Wednesday, February 04, 2009


Looks like a sale of the University of Iowa Museum of Art's Jackson Pollock is once again being discussed. Richard Lacayo and Tyler Green have the latest.

As Lacayo reminds us, there was a "brief uproar" around the painting last August. My posts on that uproar include this one, this one, this one, this one, this one, this one, this one, and, finally, this one.

The interesting twist this time is that one of the arguments that was made against the sale back in August was that the painting belonged to "the people of Iowa" (see. e.g., here). Felix Salmon was never much impressed by that argument (see here). In any event, in this case, at least according to this initial report, it's the people of Iowa, acting through their elected representatives in the state legislature, who seem to be pushing for the sale.

UPDATE: Salmon weighs in on this latest news here. He's changed his mind on the Pollock: he now believes "the museum must be able to hold onto it." If anything is to be sold, "they should be non-core works chosen by the museum to minimize any damage done by the deaccessioning. Anybody setting up an art museum has to let that museum take full control of ... its artworks." They can't "overrule the museum" and sell "key" works.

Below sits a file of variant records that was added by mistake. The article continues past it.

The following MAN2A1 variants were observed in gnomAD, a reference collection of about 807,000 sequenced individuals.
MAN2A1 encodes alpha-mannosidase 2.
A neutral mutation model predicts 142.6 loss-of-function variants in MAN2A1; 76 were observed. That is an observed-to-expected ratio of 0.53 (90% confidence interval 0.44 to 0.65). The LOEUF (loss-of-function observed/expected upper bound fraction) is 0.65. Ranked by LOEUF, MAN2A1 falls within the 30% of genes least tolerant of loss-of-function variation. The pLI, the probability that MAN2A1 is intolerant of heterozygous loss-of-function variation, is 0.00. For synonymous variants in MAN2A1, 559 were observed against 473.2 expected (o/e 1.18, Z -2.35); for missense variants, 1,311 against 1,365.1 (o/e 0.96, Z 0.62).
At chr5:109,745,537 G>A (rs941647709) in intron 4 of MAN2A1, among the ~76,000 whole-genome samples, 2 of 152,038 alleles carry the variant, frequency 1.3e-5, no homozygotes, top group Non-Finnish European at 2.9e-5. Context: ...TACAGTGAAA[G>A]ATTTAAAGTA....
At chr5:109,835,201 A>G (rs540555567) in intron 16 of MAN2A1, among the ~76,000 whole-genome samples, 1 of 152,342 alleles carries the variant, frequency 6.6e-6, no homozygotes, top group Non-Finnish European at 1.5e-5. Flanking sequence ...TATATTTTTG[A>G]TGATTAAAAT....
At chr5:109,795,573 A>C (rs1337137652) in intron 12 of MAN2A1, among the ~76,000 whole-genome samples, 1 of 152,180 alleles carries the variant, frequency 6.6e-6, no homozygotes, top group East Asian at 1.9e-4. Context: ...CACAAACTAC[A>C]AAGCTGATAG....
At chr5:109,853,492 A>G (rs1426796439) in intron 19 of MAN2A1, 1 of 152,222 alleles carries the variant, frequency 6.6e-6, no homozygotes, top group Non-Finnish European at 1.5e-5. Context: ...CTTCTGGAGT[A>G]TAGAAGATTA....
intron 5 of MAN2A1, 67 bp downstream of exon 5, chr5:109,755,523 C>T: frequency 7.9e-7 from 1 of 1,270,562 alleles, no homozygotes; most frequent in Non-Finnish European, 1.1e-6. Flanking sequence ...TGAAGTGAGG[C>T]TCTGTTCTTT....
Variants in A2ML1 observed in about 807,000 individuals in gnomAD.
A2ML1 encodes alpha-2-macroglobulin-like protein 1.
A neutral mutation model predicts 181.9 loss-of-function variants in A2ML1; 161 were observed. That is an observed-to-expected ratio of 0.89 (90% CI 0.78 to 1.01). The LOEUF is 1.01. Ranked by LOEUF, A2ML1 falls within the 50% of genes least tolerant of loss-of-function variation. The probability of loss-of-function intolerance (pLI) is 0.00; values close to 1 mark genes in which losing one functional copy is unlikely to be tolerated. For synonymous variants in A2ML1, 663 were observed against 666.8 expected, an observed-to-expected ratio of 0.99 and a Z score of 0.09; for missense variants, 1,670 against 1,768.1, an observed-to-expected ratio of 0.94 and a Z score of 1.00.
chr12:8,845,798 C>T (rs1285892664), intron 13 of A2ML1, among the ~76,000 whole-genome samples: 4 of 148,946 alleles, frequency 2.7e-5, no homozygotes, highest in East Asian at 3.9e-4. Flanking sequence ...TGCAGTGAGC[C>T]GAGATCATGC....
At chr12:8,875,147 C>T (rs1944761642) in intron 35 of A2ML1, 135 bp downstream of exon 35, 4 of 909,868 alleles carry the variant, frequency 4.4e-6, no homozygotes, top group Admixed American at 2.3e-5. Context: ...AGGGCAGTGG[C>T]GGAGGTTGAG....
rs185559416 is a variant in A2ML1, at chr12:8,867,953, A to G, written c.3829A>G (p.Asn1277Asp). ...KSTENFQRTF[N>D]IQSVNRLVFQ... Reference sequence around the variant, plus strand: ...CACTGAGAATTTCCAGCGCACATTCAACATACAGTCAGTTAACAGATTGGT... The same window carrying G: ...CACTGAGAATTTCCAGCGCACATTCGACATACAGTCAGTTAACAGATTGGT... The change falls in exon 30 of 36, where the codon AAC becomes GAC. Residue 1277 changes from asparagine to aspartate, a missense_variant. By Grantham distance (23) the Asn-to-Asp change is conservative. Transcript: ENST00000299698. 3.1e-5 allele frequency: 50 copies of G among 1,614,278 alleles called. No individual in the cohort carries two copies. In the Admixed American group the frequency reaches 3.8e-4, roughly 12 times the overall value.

There are a lot of "musts" in there, but where do they come from? Why must the museum have full control over whether or not a given work is sold? Why can't the university overrule the museum? As important as the Rose is, it is also part of Brandeis University. Don't the people charged with running the school have an obligation to do what they think is best for the university? Where does this principle of autonomy come from, and does it apply only to campus art museums? If a university decides it's in the best interests of the school as a whole to shut down the football program, would we say they can't "overrule the athletic department" and do so? Would we say anybody setting up a football program has to let the coaching staff take full control of the program? Again, I'm not defending the wisdom of Brandeis's decision here. I just think it's strange to say they had no right to make it.